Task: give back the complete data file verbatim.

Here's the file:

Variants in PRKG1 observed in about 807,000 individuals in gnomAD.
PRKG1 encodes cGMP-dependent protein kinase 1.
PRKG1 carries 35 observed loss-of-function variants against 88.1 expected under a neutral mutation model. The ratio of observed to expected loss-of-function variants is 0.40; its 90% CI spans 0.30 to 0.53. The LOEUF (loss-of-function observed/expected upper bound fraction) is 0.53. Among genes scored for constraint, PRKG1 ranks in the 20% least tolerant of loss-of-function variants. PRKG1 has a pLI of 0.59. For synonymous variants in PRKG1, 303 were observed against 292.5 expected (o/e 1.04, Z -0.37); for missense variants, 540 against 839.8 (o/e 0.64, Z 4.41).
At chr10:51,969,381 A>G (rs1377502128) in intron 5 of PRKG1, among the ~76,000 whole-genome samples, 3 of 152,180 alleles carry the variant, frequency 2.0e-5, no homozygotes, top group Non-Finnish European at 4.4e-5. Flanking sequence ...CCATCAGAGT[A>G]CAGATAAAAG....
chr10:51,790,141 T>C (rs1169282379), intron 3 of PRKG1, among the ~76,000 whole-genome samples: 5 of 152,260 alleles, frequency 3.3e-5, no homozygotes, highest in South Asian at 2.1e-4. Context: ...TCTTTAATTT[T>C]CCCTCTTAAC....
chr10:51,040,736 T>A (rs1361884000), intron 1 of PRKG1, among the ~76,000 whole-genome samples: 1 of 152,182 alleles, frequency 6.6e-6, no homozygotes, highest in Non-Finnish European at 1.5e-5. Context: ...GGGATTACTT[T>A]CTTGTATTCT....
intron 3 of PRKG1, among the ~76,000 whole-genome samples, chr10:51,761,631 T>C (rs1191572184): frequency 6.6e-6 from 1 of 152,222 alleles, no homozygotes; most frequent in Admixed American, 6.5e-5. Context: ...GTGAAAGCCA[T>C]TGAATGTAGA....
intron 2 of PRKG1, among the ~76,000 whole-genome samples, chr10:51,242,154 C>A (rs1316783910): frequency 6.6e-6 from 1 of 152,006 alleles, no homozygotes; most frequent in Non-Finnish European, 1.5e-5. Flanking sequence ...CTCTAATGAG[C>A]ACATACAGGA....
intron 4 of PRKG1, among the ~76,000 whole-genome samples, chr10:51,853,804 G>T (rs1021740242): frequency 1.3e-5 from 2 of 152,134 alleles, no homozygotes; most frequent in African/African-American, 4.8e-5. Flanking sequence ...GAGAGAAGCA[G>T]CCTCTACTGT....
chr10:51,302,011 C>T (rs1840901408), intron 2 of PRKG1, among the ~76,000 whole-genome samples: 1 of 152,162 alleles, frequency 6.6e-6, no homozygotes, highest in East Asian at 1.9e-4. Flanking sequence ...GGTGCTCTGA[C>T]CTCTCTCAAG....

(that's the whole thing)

Variants in PRKG1 observed in about 807,000 individuals in gnomAD.
PRKG1 encodes cGMP-dependent protein kinase 1.
PRKG1 carries 35 observed loss-of-function variants against 88.1 expected under a neutral mutation model. The ratio of observed to expected loss-of-function variants is 0.40; its 90% CI spans 0.30 to 0.53. The LOEUF (loss-of-function observed/expected upper bound fraction) is 0.53. Among genes scored for constraint, PRKG1 ranks in the 20% least tolerant of loss-of-function variants. PRKG1 has a pLI of 0.59. For synonymous variants in PRKG1, 303 were observed against 292.5 expected (o/e 1.04, Z -0.37); for missense variants, 540 against 839.8 (o/e 0.64, Z 4.41).
At chr10:51,969,381 A>G (rs1377502128) in intron 5 of PRKG1, among the ~76,000 whole-genome samples, 3 of 152,180 alleles carry the variant, frequency 2.0e-5, no homozygotes, top group Non-Finnish European at 4.4e-5. Flanking sequence ...CCATCAGAGT[A>G]CAGATAAAAG....
chr10:51,790,141 T>C (rs1169282379), intron 3 of PRKG1, among the ~76,000 whole-genome samples: 5 of 152,260 alleles, frequency 3.3e-5, no homozygotes, highest in South Asian at 2.1e-4. Context: ...TCTTTAATTT[T>C]CCCTCTTAAC....
chr10:51,040,736 T>A (rs1361884000), intron 1 of PRKG1, among the ~76,000 whole-genome samples: 1 of 152,182 alleles, frequency 6.6e-6, no homozygotes, highest in Non-Finnish European at 1.5e-5. Context: ...GGGATTACTT[T>A]CTTGTATTCT....
intron 3 of PRKG1, among the ~76,000 whole-genome samples, chr10:51,761,631 T>C (rs1191572184): frequency 6.6e-6 from 1 of 152,222 alleles, no homozygotes; most frequent in Admixed American, 6.5e-5. Context: ...GTGAAAGCCA[T>C]TGAATGTAGA....
intron 2 of PRKG1, among the ~76,000 whole-genome samples, chr10:51,242,154 C>A (rs1316783910): frequency 6.6e-6 from 1 of 152,006 alleles, no homozygotes; most frequent in Non-Finnish European, 1.5e-5. Flanking sequence ...CTCTAATGAG[C>A]ACATACAGGA....
intron 4 of PRKG1, among the ~76,000 whole-genome samples, chr10:51,853,804 G>T (rs1021740242): frequency 1.3e-5 from 2 of 152,134 alleles, no homozygotes; most frequent in African/African-American, 4.8e-5. Flanking sequence ...GAGAGAAGCA[G>T]CCTCTACTGT....
chr10:51,302,011 C>T (rs1840901408), intron 2 of PRKG1, among the ~76,000 whole-genome samples: 1 of 152,162 alleles, frequency 6.6e-6, no homozygotes, highest in East Asian at 1.9e-4. Flanking sequence ...GGTGCTCTGA[C>T]CTCTCTCAAG....